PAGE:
Research shows fall in number of empty Welsh shops
26 Ionawr 2018
Mae'r cynnwys hwn ar gael yn Saesneg yn unig.
New initiatives are needed to fill vacant shops and keep high streets thriving around Wales, research co-authored by Dr Scott Orford and WISERD academics concludes.
The third annual report from WISERD and the Local Data Company (LDC), reveals the number of empty retail premises on Welsh high streets stood at 13% in 2017. Although this is a small reduction on the previous year (13.2%), the research shows the country still lags behind the rest of the UK. Just 11.1% of shops in England were vacant in 2017 and 11.9% in Scotland.
Towns with the highest number of empty shops include Milford Haven, Abertillery and Tonypandy, where more than one fifth of shops are vacant. The lowest proportion of unoccupied premises can be found in Penarth, Cwmbran and Conwy, where fewer than 5% of shops sit empty.
The analysis was discussed during the Welsh Retail and Leisure summit, which took place on Tuesday January 23 at Cardiff University.
Dr Scott Orford, Reader at the School of Geography and Planning and WISERD Data Research Co-ordinator, said: “There continues to be a clear relationship between local levels of deprivation and retail vacancy rates. In some towns, nearly two-fifths of vacant premises have been empty for more than three years. More investment is needed to bring these premises back into use and to maintain vibrant high streets for the communities that rely so heavily on them.”
The report also highlights the rise of the independent retailer. The number of non-chain establishments has risen from 54% to 58% since 2013. But these figures are still lower than the rest of the UK at 65%.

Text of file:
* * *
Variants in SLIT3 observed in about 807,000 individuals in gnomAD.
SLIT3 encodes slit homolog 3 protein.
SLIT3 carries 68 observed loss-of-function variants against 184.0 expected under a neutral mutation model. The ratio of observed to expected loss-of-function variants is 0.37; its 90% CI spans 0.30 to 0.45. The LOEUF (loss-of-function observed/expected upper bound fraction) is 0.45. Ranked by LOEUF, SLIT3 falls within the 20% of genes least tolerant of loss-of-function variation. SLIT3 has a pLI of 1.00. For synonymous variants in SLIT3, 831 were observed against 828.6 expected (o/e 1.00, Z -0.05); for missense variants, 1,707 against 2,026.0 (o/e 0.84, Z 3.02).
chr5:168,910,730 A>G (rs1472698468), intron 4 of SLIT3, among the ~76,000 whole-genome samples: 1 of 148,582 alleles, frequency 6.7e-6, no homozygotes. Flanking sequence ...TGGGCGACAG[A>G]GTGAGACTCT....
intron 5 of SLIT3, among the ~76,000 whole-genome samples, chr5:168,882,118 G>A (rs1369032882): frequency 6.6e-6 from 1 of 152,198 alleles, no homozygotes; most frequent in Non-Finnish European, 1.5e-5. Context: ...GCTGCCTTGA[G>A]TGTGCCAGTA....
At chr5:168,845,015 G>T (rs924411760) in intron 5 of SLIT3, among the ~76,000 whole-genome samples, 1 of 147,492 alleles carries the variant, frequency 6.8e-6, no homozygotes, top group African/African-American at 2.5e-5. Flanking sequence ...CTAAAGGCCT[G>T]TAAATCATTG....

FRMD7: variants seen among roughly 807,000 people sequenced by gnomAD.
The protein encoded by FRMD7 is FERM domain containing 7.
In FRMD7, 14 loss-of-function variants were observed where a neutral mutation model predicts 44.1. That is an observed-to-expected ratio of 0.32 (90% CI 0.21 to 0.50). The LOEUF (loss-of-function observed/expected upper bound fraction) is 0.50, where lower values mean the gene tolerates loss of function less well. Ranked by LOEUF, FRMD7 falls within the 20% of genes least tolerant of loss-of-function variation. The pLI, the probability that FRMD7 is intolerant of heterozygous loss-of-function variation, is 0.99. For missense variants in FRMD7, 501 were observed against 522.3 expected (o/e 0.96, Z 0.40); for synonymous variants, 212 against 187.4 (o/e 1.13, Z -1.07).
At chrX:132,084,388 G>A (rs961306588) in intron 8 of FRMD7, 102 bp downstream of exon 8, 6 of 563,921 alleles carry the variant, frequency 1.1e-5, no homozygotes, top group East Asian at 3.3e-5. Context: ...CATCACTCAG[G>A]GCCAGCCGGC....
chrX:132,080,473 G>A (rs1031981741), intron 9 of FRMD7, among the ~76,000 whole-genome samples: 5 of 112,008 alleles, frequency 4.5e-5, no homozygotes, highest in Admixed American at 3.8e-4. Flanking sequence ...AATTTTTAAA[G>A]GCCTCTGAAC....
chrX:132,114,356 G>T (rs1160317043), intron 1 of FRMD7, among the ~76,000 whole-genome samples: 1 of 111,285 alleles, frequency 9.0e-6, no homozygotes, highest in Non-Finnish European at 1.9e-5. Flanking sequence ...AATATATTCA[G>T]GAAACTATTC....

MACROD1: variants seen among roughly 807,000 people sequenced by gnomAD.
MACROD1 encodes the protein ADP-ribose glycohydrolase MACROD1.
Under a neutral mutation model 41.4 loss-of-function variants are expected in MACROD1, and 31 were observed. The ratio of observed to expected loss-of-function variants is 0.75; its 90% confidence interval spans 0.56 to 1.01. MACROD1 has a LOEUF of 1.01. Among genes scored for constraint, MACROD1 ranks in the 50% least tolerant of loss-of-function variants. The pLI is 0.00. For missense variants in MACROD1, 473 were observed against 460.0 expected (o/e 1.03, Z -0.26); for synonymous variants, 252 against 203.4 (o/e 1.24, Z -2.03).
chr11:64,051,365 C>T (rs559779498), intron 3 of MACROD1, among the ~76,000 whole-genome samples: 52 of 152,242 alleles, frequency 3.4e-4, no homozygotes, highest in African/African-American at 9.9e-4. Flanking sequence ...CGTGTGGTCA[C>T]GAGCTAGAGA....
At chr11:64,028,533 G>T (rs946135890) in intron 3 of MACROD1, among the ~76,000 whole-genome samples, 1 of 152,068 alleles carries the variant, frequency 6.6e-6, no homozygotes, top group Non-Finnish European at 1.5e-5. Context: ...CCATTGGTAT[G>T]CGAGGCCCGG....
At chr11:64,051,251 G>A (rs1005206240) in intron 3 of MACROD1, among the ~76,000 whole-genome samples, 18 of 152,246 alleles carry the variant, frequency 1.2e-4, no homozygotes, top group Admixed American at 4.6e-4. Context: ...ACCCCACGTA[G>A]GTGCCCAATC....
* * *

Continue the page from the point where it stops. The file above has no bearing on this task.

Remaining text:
Pembroke Dock, Milford Haven and Ruthin have seen the largest increases in the proportion of independent shops since 2013. Brecon, Llandrindod Wells and Abergele are the towns which have experienced the largest decline.
Dr Orford added: “In the last couple of years, there has been an increase in independent retailers, with a noticeable rise in the more rural areas of Wales. Such a development is encouraging given the trend of some of the big retailers reducing their shop numbers and this may reflect consumers wanting something different on the high street from what they can find online.”
Chris Fowler, Relationship Manager at The Local Data Company, said: “Welsh towns continue to see a shift away from Comparison Goods Retail shops towards Leisure (food, beverage and entertainment) and Services – reflecting the wider trend seen in England and Scotland as town centres evolve, and experience becomes more important in driving footfall.
“The more isolated locations typically have a lower retail vacancy rate than elsewhere, with more independents and less competition from nearby centres. A decrease in independent occupiers in these areas may be an early warning signal about a potential threat to their vitality as online accessibility improves.
“Businesses in these remote locations should get on the front foot to ensure that they are able to capitalise on any increases in connectivity. It’s now much more cost-effective for occupiers to use the latest technology platforms to their benefit - by highlighting the quality of their service online to drive footfall. This can be even more powerful when co-ordinated as part of a campaign across a street or wider area.”